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Morning Sun
  • City OKs grant for Colonial Fox

  • The Pittsburg City Commission Tuesday night approved a $45,000 block grant for the Colonial Fox Theater Foundation to commence work on phase five of the theater’s ongoing restoration project.

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  • The Pittsburg City Commission Tuesday night approved a $45,000 block grant for the Colonial Fox Theater Foundation to commence work on phase five of the theater’s ongoing restoration project.
    The money comes in the form of community development block grant, which is federal money distributed by the state for economic development. The foundation will be able to acquire matching money throught the National Parks Service Save America’s Treasures fund. Typically, federal money cannot be used to get matching federal money, but an exception is made for money that is going toward historic preservation, foundation executive director Vonnie Corsini told the commission.
    Initially, Corsini had asked the city’s economic development advisory committee to recommend the city authorize $250,000, which SATF would match — it has guaranteed $500,000 in matching grant money, provided the foundation can prove it will be able to raise its share of money — projecting that the theater will bring in at least $1 million in capital improvement over the next year. The committee decided against the recommendation, but did choose to recommend the block grant.
    “Because it’s used for historic preservation, we can use it as a match to go toward the Save America’s Treasures Grant,” Corsini said.
    Phase five of the project includes facade improvements such as new doors, improvement to the ticket booth, renovation of the historic tiles in the entrance area, demolition of the old HVAC equipment, installing electrical outlets, and adding emergency exits and lights. When the phase is finished, the foundation will be able to apply for an occupancy permit. Corsini said bids for the work closed Tuesday, and the foundation’s construction oversight team will review the bids today.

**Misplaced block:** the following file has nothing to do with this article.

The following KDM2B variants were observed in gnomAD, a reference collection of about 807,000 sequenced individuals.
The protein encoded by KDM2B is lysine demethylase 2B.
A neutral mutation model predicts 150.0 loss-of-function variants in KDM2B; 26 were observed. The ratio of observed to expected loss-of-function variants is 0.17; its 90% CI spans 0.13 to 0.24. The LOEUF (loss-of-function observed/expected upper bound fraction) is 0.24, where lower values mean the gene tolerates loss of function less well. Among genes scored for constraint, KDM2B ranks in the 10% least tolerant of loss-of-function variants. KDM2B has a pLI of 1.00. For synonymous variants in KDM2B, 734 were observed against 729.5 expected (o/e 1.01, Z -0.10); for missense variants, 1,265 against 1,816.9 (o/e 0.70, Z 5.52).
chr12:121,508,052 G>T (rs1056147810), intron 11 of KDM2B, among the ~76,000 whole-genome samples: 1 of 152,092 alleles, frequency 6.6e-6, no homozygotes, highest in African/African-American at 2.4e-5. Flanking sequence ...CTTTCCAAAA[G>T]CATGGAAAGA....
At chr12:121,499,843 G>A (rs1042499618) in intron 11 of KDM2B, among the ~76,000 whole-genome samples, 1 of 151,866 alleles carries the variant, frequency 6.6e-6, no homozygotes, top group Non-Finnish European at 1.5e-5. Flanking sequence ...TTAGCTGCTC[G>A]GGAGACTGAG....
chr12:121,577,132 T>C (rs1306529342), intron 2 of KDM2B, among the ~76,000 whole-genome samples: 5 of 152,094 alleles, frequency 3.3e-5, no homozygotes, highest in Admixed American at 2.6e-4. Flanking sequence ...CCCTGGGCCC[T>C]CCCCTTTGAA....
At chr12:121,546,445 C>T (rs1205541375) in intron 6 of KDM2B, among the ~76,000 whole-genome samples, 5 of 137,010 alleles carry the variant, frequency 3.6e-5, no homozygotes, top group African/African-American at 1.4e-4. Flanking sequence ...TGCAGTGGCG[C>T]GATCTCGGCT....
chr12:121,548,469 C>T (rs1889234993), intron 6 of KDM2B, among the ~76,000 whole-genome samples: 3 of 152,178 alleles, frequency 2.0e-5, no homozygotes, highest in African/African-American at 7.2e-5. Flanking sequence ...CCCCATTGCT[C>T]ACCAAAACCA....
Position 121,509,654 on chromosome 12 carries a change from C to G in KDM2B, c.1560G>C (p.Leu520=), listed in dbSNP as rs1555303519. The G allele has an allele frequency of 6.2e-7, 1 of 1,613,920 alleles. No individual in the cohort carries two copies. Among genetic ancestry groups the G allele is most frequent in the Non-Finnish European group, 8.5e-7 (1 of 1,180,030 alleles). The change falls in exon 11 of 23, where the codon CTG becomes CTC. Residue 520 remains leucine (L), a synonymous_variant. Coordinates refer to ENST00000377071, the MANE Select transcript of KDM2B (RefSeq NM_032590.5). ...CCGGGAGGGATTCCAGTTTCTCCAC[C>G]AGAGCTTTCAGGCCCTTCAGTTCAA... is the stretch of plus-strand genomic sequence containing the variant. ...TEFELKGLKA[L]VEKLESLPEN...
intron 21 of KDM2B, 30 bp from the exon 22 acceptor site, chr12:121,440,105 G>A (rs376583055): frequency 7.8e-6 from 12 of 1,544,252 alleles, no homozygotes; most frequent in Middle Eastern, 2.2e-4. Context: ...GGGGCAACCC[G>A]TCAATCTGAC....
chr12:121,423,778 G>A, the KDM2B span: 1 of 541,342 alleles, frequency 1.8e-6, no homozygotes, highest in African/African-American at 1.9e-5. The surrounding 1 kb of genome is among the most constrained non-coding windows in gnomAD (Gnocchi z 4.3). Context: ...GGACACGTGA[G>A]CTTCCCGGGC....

“We’re finally going to do something that’s aesthetic, what we like to call the pretty part,” Corsini said. “We’re finally getting to the point where people will be able to see some improvement.”
    Corsini said this is a significant step in the renovation project.
    ‘There aren’t a lot of communities that receive money from the National Parks Service to restore a local treasure, and that’s very very special,” Corsini said. “Our foundation and the members that have supported us over the years have been apparent to the National Parks Service. They’ve seen how important this is to the community.”
    Commissioner Marty Beezley said she was impressed with Corsini’s work.
    “I’ve got to tell you, I admire your tenacity,” Beezley said. “I have no doubt that money will be well-spent.”
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